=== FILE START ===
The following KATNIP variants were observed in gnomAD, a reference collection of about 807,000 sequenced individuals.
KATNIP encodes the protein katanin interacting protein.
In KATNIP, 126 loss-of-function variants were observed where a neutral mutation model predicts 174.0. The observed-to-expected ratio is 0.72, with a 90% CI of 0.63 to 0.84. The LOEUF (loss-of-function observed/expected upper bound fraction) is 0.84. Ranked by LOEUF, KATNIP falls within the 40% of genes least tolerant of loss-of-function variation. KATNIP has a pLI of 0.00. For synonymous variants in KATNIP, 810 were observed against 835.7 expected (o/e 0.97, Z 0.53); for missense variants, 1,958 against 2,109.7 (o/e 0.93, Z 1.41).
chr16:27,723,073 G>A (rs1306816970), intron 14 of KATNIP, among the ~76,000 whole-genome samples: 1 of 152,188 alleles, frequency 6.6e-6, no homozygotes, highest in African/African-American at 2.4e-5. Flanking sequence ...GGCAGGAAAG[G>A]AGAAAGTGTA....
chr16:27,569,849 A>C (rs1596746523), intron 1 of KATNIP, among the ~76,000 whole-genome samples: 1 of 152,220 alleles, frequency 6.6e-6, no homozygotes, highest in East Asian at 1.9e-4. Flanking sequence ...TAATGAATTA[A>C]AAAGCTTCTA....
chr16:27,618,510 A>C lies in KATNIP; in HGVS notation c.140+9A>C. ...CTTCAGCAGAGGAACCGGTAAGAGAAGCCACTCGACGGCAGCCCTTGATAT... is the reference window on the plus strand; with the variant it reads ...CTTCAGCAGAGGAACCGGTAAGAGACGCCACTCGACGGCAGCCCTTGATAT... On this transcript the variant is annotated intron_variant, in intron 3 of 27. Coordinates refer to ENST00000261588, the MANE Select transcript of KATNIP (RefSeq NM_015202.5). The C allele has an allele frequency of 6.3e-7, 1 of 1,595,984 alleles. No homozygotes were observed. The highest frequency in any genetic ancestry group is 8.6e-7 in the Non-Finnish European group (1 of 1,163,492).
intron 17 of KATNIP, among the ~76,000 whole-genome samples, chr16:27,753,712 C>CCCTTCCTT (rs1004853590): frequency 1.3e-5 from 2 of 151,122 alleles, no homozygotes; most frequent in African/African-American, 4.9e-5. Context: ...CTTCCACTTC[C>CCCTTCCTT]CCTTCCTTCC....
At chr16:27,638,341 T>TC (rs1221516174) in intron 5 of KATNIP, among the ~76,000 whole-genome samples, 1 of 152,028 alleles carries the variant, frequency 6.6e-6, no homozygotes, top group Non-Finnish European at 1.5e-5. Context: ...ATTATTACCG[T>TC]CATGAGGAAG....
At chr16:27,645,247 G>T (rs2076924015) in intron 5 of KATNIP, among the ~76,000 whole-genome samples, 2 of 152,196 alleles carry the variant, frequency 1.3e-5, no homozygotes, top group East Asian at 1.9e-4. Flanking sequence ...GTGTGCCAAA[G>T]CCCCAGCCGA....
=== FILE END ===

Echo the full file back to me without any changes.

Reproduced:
The following KATNIP variants were observed in gnomAD, a reference collection of about 807,000 sequenced individuals.
KATNIP encodes the protein katanin interacting protein.
In KATNIP, 126 loss-of-function variants were observed where a neutral mutation model predicts 174.0. The observed-to-expected ratio is 0.72, with a 90% CI of 0.63 to 0.84. The LOEUF (loss-of-function observed/expected upper bound fraction) is 0.84. Ranked by LOEUF, KATNIP falls within the 40% of genes least tolerant of loss-of-function variation. KATNIP has a pLI of 0.00. For synonymous variants in KATNIP, 810 were observed against 835.7 expected (o/e 0.97, Z 0.53); for missense variants, 1,958 against 2,109.7 (o/e 0.93, Z 1.41).
chr16:27,723,073 G>A (rs1306816970), intron 14 of KATNIP, among the ~76,000 whole-genome samples: 1 of 152,188 alleles, frequency 6.6e-6, no homozygotes, highest in African/African-American at 2.4e-5. Flanking sequence ...GGCAGGAAAG[G>A]AGAAAGTGTA....
chr16:27,569,849 A>C (rs1596746523), intron 1 of KATNIP, among the ~76,000 whole-genome samples: 1 of 152,220 alleles, frequency 6.6e-6, no homozygotes, highest in East Asian at 1.9e-4. Flanking sequence ...TAATGAATTA[A>C]AAAGCTTCTA....
chr16:27,618,510 A>C lies in KATNIP; in HGVS notation c.140+9A>C. ...CTTCAGCAGAGGAACCGGTAAGAGAAGCCACTCGACGGCAGCCCTTGATAT... is the reference window on the plus strand; with the variant it reads ...CTTCAGCAGAGGAACCGGTAAGAGACGCCACTCGACGGCAGCCCTTGATAT... On this transcript the variant is annotated intron_variant, in intron 3 of 27. Coordinates refer to ENST00000261588, the MANE Select transcript of KATNIP (RefSeq NM_015202.5). The C allele has an allele frequency of 6.3e-7, 1 of 1,595,984 alleles. No homozygotes were observed. The highest frequency in any genetic ancestry group is 8.6e-7 in the Non-Finnish European group (1 of 1,163,492).
intron 17 of KATNIP, among the ~76,000 whole-genome samples, chr16:27,753,712 C>CCCTTCCTT (rs1004853590): frequency 1.3e-5 from 2 of 151,122 alleles, no homozygotes; most frequent in African/African-American, 4.9e-5. Context: ...CTTCCACTTC[C>CCCTTCCTT]CCTTCCTTCC....
At chr16:27,638,341 T>TC (rs1221516174) in intron 5 of KATNIP, among the ~76,000 whole-genome samples, 1 of 152,028 alleles carries the variant, frequency 6.6e-6, no homozygotes, top group Non-Finnish European at 1.5e-5. Context: ...ATTATTACCG[T>TC]CATGAGGAAG....
At chr16:27,645,247 G>T (rs2076924015) in intron 5 of KATNIP, among the ~76,000 whole-genome samples, 2 of 152,196 alleles carry the variant, frequency 1.3e-5, no homozygotes, top group East Asian at 1.9e-4. Flanking sequence ...GTGTGCCAAA[G>T]CCCCAGCCGA....